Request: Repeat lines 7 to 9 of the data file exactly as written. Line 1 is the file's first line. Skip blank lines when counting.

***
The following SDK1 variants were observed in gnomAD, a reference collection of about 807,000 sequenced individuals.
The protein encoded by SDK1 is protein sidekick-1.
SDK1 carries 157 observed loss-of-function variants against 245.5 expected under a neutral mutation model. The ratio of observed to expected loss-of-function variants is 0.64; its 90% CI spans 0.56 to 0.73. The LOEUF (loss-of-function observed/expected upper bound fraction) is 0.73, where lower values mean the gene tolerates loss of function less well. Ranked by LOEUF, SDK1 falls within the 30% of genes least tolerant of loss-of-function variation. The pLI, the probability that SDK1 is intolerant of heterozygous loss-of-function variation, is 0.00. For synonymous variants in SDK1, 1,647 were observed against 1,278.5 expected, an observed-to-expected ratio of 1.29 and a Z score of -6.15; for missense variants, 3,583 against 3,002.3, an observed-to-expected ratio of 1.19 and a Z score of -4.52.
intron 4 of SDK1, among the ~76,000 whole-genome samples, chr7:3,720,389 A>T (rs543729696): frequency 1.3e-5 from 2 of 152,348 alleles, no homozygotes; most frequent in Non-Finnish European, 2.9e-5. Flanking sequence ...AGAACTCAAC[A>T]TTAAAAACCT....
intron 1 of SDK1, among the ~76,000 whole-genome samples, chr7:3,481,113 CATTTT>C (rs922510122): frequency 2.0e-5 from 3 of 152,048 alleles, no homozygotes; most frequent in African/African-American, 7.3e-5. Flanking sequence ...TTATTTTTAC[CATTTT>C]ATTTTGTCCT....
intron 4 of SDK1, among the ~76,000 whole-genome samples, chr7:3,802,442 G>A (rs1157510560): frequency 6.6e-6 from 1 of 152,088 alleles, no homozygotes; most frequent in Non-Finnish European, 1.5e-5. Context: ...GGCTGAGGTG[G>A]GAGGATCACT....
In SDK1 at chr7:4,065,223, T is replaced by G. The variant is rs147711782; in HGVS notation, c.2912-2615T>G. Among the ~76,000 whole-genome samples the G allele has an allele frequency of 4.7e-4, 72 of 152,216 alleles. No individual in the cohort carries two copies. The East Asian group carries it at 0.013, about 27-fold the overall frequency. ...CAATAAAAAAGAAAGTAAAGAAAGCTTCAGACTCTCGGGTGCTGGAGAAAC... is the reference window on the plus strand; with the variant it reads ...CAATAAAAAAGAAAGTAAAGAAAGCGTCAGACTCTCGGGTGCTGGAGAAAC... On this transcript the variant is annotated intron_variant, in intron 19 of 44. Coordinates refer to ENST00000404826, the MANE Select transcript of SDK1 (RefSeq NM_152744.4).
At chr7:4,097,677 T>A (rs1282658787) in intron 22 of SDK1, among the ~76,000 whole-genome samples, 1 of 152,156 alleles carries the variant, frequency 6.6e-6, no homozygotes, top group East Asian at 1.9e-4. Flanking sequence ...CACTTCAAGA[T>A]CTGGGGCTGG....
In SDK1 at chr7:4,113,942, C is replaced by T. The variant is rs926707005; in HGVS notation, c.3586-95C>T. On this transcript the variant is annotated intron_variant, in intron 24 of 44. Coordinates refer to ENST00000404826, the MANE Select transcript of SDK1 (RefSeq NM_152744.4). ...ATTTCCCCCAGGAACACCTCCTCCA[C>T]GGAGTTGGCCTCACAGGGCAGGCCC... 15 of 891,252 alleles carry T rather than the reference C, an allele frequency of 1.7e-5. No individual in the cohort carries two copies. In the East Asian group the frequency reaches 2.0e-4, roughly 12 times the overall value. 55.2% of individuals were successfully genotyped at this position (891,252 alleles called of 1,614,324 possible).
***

In SDK1 at chr7:4,065,223, T is replaced by G. The variant is rs147711782; in HGVS notation, c.2912-2615T>G. Among the ~76,000 whole-genome samples the G allele has an allele frequency of 4.7e-4, 72 of 152,216 alleles. No individual in the cohort carries two copies. The East Asian group carries it at 0.013, about 27-fold the overall frequency. ...CAATAAAAAAGAAAGTAAAGAAAGCTTCAGACTCTCGGGTGCTGGAGAAAC... is the reference window on the plus strand; with the variant it reads ...CAATAAAAAAGAAAGTAAAGAAAGCGTCAGACTCTCGGGTGCTGGAGAAAC... On this transcript the variant is annotated intron_variant, in intron 19 of 44. Coordinates refer to ENST00000404826, the MANE Select transcript of SDK1 (RefSeq NM_152744.4).
At chr7:4,097,677 T>A (rs1282658787) in intron 22 of SDK1, among the ~76,000 whole-genome samples, 1 of 152,156 alleles carries the variant, frequency 6.6e-6, no homozygotes, top group East Asian at 1.9e-4. Flanking sequence ...CACTTCAAGA[T>A]CTGGGGCTGG....
In SDK1 at chr7:4,113,942, C is replaced by T. The variant is rs926707005; in HGVS notation, c.3586-95C>T. On this transcript the variant is annotated intron_variant, in intron 24 of 44. Coordinates refer to ENST00000404826, the MANE Select transcript of SDK1 (RefSeq NM_152744.4). ...ATTTCCCCCAGGAACACCTCCTCCA[C>T]GGAGTTGGCCTCACAGGGCAGGCCC... 15 of 891,252 alleles carry T rather than the reference C, an allele frequency of 1.7e-5. No individual in the cohort carries two copies. In the East Asian group the frequency reaches 2.0e-4, roughly 12 times the overall value. 55.2% of individuals were successfully genotyped at this position (891,252 alleles called of 1,614,324 possible).